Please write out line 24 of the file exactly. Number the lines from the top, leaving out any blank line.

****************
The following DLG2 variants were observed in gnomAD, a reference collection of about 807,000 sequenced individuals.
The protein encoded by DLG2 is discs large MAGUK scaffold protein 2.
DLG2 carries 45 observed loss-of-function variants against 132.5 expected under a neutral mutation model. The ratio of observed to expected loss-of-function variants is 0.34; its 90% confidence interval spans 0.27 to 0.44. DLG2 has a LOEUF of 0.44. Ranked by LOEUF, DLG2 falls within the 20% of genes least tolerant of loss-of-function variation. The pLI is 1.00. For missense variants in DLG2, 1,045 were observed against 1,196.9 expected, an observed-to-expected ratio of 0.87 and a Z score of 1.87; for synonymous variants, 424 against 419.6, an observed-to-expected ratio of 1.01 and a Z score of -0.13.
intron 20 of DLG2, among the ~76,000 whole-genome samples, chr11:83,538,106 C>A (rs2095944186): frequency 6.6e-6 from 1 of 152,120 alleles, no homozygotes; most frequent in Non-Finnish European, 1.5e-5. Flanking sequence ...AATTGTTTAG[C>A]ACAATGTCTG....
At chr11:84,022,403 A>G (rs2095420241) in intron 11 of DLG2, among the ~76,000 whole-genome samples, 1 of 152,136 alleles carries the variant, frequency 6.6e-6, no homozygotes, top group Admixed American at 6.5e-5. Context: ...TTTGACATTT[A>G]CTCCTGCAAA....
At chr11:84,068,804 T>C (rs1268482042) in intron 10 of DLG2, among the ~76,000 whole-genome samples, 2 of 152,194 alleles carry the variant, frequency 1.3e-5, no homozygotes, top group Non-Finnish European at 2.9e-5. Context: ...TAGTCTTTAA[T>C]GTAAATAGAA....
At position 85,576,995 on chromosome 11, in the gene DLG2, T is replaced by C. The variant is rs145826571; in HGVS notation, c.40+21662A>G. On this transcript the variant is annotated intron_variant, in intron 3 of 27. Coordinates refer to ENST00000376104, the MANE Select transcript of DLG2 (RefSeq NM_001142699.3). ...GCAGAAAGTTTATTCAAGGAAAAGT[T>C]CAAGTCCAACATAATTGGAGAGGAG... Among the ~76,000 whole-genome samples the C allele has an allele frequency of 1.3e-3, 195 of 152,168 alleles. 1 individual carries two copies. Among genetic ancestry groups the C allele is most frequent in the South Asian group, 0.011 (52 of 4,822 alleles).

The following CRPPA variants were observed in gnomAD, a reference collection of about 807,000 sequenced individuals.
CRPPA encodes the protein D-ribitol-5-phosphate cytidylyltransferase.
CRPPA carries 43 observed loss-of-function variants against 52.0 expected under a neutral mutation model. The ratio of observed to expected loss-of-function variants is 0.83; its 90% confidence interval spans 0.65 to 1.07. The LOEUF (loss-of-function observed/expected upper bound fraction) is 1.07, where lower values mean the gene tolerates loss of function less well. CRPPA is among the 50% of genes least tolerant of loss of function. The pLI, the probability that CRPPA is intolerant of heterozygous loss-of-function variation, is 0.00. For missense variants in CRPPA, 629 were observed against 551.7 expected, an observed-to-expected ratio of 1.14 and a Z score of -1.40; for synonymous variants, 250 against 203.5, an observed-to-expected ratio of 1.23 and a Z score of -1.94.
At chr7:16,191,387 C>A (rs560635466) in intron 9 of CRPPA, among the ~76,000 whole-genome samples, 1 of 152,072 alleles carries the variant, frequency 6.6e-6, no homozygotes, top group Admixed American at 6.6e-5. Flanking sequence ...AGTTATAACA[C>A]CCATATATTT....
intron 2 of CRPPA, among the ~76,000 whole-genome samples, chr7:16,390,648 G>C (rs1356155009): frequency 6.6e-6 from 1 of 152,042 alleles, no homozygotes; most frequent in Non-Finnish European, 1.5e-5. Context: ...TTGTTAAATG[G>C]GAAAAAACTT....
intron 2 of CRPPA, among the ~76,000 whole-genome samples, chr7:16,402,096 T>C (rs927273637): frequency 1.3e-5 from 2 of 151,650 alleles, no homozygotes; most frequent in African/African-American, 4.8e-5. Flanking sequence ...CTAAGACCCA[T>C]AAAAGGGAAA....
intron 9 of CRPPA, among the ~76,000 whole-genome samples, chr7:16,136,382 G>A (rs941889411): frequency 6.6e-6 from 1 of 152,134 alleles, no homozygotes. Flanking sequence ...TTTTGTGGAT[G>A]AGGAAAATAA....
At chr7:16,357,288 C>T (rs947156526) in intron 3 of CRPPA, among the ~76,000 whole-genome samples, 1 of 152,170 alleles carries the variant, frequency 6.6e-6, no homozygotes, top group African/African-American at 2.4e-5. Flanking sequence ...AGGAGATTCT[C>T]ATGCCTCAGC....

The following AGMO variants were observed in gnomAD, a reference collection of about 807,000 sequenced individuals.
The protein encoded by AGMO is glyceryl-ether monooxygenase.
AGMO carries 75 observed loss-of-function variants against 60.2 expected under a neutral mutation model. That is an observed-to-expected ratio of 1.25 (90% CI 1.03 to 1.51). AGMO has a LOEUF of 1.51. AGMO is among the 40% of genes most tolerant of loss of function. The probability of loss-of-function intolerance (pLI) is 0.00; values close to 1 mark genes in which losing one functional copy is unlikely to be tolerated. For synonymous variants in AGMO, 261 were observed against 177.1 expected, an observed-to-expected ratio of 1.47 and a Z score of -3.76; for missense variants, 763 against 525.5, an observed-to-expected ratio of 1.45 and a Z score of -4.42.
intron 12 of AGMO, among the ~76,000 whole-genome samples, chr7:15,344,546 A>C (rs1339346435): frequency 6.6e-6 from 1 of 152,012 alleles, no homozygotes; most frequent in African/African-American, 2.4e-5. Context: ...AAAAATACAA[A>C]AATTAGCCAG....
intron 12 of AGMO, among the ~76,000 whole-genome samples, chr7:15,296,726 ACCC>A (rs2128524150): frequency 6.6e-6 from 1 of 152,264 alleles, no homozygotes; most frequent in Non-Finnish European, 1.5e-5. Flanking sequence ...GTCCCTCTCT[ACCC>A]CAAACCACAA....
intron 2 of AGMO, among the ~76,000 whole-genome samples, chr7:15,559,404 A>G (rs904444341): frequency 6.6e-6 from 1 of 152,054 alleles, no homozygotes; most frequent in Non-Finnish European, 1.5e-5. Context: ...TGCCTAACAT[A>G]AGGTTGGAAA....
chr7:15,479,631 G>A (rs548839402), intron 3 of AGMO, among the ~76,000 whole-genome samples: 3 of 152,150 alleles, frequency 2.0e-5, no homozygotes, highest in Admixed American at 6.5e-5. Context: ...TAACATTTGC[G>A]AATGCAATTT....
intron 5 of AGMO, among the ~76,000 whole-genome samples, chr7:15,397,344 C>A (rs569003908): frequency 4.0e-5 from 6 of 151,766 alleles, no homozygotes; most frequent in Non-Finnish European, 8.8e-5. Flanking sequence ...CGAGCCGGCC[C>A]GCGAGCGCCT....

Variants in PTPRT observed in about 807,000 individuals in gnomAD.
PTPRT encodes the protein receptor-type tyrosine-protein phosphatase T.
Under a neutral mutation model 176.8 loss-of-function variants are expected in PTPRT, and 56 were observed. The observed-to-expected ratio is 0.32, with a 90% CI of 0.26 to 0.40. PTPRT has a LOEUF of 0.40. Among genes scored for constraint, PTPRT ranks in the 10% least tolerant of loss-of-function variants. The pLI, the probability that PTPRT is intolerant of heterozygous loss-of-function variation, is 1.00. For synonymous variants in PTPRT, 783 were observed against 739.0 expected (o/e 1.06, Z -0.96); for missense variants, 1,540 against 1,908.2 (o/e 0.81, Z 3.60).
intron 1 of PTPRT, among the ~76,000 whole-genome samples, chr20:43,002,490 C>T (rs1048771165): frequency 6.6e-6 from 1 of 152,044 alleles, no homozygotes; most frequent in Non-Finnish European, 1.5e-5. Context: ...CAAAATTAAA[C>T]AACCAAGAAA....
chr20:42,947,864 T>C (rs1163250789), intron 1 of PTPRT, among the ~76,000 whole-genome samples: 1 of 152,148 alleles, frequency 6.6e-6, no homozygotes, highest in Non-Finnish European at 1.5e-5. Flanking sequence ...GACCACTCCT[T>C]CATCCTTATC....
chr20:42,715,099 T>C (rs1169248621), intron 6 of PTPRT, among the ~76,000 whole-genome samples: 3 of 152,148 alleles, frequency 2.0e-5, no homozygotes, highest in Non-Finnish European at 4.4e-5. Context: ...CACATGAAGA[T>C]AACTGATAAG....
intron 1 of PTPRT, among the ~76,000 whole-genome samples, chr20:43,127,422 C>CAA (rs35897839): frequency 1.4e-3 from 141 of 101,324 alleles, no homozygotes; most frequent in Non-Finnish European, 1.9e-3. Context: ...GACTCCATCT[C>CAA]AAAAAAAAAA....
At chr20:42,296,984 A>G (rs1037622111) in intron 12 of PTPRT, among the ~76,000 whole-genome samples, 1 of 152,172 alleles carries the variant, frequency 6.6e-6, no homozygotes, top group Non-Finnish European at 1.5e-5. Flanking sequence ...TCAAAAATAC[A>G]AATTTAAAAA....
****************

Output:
Variants in PTPRT observed in about 807,000 individuals in gnomAD.